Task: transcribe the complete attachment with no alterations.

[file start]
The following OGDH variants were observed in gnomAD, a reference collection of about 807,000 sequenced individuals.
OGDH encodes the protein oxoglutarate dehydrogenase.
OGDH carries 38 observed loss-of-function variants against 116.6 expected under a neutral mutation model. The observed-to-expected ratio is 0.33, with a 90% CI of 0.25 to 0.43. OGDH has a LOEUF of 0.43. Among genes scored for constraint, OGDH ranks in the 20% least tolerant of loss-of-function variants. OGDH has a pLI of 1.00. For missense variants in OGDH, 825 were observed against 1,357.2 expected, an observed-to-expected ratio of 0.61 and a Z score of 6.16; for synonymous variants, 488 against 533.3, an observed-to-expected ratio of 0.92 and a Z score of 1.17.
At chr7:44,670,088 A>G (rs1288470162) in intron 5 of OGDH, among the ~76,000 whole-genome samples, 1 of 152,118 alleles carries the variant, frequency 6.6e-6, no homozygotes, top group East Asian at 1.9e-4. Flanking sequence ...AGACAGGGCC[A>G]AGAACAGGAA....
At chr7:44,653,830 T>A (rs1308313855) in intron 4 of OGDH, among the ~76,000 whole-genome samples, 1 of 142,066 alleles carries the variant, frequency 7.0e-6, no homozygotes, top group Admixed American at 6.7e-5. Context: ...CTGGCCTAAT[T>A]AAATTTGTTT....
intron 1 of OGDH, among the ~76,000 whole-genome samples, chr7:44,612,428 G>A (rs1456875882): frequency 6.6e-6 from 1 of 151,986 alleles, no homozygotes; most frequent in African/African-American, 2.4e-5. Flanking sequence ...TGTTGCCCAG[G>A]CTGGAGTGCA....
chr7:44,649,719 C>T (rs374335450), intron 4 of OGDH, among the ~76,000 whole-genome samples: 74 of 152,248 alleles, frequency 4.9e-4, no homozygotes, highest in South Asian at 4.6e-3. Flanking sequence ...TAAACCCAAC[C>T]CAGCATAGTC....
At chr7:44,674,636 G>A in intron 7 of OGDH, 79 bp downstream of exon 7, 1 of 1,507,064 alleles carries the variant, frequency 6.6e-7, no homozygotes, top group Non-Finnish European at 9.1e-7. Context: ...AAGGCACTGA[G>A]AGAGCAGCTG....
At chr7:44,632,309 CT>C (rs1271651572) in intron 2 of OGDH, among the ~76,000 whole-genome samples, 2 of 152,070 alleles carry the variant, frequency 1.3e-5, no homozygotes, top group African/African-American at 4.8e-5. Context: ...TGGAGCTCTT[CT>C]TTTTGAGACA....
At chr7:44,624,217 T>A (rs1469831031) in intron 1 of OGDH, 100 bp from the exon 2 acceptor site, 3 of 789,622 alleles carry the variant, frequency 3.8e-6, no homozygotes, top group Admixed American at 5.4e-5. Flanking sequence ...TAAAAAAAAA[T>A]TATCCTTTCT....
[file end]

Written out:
The following OGDH variants were observed in gnomAD, a reference collection of about 807,000 sequenced individuals.
OGDH encodes the protein oxoglutarate dehydrogenase.
OGDH carries 38 observed loss-of-function variants against 116.6 expected under a neutral mutation model. The observed-to-expected ratio is 0.33, with a 90% CI of 0.25 to 0.43. OGDH has a LOEUF of 0.43. Among genes scored for constraint, OGDH ranks in the 20% least tolerant of loss-of-function variants. OGDH has a pLI of 1.00. For missense variants in OGDH, 825 were observed against 1,357.2 expected, an observed-to-expected ratio of 0.61 and a Z score of 6.16; for synonymous variants, 488 against 533.3, an observed-to-expected ratio of 0.92 and a Z score of 1.17.
At chr7:44,670,088 A>G (rs1288470162) in intron 5 of OGDH, among the ~76,000 whole-genome samples, 1 of 152,118 alleles carries the variant, frequency 6.6e-6, no homozygotes, top group East Asian at 1.9e-4. Flanking sequence ...AGACAGGGCC[A>G]AGAACAGGAA....
At chr7:44,653,830 T>A (rs1308313855) in intron 4 of OGDH, among the ~76,000 whole-genome samples, 1 of 142,066 alleles carries the variant, frequency 7.0e-6, no homozygotes, top group Admixed American at 6.7e-5. Context: ...CTGGCCTAAT[T>A]AAATTTGTTT....
intron 1 of OGDH, among the ~76,000 whole-genome samples, chr7:44,612,428 G>A (rs1456875882): frequency 6.6e-6 from 1 of 151,986 alleles, no homozygotes; most frequent in African/African-American, 2.4e-5. Flanking sequence ...TGTTGCCCAG[G>A]CTGGAGTGCA....
chr7:44,649,719 C>T (rs374335450), intron 4 of OGDH, among the ~76,000 whole-genome samples: 74 of 152,248 alleles, frequency 4.9e-4, no homozygotes, highest in South Asian at 4.6e-3. Flanking sequence ...TAAACCCAAC[C>T]CAGCATAGTC....
At chr7:44,674,636 G>A in intron 7 of OGDH, 79 bp downstream of exon 7, 1 of 1,507,064 alleles carries the variant, frequency 6.6e-7, no homozygotes, top group Non-Finnish European at 9.1e-7. Context: ...AAGGCACTGA[G>A]AGAGCAGCTG....
At chr7:44,632,309 CT>C (rs1271651572) in intron 2 of OGDH, among the ~76,000 whole-genome samples, 2 of 152,070 alleles carry the variant, frequency 1.3e-5, no homozygotes, top group African/African-American at 4.8e-5. Context: ...TGGAGCTCTT[CT>C]TTTTGAGACA....
At chr7:44,624,217 T>A (rs1469831031) in intron 1 of OGDH, 100 bp from the exon 2 acceptor site, 3 of 789,622 alleles carry the variant, frequency 3.8e-6, no homozygotes, top group Admixed American at 5.4e-5. Flanking sequence ...TAAAAAAAAA[T>A]TATCCTTTCT....